There was never any question a public meeting on the council’s sweeping changes to parking was going to generate widespread interest.
Despite the longing to cling to that idyllic past of vacant and free car spaces exactly where you want them, this is the reality of a growing city.
If parking problem comes down to one word; growth; the engagement of a packed chamber for four hours also reflects on the passion people have for how it grows.
No hiding that.
The councils new parking zones may on one hand spread these long-day parking opportunities even further afield from the CBD but they equally may make people reconsider just how much they are willing to pay for the convenience of parking close to where they want to be.
As previously stated, any commodity of increasing scarcity by its very nature becomes more valuable and in turn dictates just how much people are willing to pay for it.
The clamour for multi-storey carparks would almost certainly come with a similar catch; they won’t be for free.
Standing alone, neither federal or state governments will fund them and should council cover this colossal capital cost with an intent of somehow making it free, ratepayers would still pay for it in the long run.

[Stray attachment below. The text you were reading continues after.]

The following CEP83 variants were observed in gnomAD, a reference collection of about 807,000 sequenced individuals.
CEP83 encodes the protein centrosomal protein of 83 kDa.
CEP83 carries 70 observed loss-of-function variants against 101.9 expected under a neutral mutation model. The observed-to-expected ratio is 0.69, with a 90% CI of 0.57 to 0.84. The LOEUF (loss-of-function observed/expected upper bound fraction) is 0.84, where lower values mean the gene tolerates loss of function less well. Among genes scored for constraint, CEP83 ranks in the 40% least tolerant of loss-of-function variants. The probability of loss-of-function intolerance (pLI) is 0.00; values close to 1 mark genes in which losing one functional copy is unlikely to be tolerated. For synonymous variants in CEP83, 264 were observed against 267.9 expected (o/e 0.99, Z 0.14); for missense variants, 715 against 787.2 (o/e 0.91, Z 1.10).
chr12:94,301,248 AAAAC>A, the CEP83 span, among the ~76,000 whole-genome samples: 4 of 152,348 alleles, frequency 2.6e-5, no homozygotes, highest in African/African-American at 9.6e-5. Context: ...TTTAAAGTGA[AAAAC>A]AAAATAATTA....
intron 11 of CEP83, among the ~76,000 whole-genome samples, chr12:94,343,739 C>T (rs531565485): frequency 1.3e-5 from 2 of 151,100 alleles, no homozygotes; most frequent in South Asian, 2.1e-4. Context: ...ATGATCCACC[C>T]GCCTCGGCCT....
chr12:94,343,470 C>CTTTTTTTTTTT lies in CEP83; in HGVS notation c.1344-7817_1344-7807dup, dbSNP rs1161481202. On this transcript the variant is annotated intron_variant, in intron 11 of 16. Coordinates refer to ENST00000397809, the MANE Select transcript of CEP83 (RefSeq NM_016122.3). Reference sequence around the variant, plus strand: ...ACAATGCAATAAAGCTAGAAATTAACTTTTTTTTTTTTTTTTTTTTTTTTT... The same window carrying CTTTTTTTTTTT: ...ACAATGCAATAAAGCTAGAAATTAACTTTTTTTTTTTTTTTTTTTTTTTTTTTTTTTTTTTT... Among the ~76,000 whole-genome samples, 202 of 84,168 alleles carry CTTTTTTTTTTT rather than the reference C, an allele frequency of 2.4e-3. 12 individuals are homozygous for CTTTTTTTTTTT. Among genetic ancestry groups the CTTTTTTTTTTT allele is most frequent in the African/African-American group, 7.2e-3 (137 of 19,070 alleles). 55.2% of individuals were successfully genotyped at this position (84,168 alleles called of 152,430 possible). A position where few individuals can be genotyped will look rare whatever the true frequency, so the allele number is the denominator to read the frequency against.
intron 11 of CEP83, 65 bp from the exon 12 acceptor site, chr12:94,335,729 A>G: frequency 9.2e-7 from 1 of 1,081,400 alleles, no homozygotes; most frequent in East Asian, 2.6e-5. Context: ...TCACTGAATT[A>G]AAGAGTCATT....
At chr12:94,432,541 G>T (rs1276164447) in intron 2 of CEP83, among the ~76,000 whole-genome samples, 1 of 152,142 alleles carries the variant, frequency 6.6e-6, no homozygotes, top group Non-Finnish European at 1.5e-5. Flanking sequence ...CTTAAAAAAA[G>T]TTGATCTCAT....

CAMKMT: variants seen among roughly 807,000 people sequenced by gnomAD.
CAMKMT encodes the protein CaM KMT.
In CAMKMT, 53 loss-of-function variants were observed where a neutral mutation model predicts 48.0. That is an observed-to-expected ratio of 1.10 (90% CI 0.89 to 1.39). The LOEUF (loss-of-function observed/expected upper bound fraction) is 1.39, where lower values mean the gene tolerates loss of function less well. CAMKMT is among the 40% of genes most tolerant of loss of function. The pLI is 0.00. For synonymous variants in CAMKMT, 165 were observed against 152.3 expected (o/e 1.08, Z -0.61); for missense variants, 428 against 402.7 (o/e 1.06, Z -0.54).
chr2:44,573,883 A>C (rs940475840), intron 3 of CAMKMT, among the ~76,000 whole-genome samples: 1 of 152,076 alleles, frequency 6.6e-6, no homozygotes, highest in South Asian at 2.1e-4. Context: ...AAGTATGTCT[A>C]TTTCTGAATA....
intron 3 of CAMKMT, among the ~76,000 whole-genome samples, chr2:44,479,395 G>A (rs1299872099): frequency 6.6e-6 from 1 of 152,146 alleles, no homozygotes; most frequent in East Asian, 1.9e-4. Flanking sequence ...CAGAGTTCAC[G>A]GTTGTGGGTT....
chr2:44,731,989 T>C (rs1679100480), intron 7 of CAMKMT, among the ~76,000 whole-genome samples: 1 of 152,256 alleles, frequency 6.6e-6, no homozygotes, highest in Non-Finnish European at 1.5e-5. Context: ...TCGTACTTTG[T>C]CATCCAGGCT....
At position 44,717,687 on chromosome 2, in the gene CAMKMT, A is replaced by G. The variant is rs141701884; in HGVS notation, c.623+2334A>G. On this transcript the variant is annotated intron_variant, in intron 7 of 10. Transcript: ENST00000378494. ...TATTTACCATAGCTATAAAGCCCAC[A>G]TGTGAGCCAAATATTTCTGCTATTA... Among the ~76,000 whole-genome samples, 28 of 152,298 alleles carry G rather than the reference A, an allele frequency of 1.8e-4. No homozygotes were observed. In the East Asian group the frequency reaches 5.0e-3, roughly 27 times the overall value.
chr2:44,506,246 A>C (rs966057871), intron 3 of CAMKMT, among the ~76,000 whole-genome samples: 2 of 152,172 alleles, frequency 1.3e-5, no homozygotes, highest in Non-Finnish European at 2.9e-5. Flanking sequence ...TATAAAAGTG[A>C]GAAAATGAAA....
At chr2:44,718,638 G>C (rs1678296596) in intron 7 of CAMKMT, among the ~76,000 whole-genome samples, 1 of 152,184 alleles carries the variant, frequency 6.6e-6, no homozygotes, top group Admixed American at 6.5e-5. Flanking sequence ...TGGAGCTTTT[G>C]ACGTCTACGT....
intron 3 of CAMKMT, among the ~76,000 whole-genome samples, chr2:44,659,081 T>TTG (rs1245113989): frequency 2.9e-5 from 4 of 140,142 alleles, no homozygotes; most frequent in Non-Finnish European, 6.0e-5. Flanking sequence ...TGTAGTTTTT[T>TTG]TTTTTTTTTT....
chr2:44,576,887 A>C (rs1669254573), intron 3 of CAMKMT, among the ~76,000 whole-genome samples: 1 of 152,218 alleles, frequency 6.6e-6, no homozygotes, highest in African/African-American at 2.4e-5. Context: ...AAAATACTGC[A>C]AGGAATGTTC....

Putting aside alternative transport solutions, and uptake of this too - as any bigger city shows-often takes the coercion of financial necessity, puts Ballarat residents in a quandary about what they want and what they are willing to pay for.
Council of course is tasked with managing this messy legacy of a century of convenience and this week made the bold attempt to cross that Rubicon.
So was it any surprise engagement was so passionate?
The broad cross section of parties who appeared and made submissions on Thursday’s meeting showed not only how many people’s livelihoods it affects but also that civic engagement is alive and well.
But what of those who couldn't make it to the packed chamber?
The Courier’s live coverage had three and a half thousand unique viewers, a record eclipsing all other contentious meetings, even the saleyards and civic hall.
Online engagement has never been stronger, (426,000 unique users for May), and whatever the outcome, this is where people want their news and the issues that concern them like parking.
The argument for making public meetings even more public, including modern technology that is now the norm, like live streaming, just became a whole lot stronger.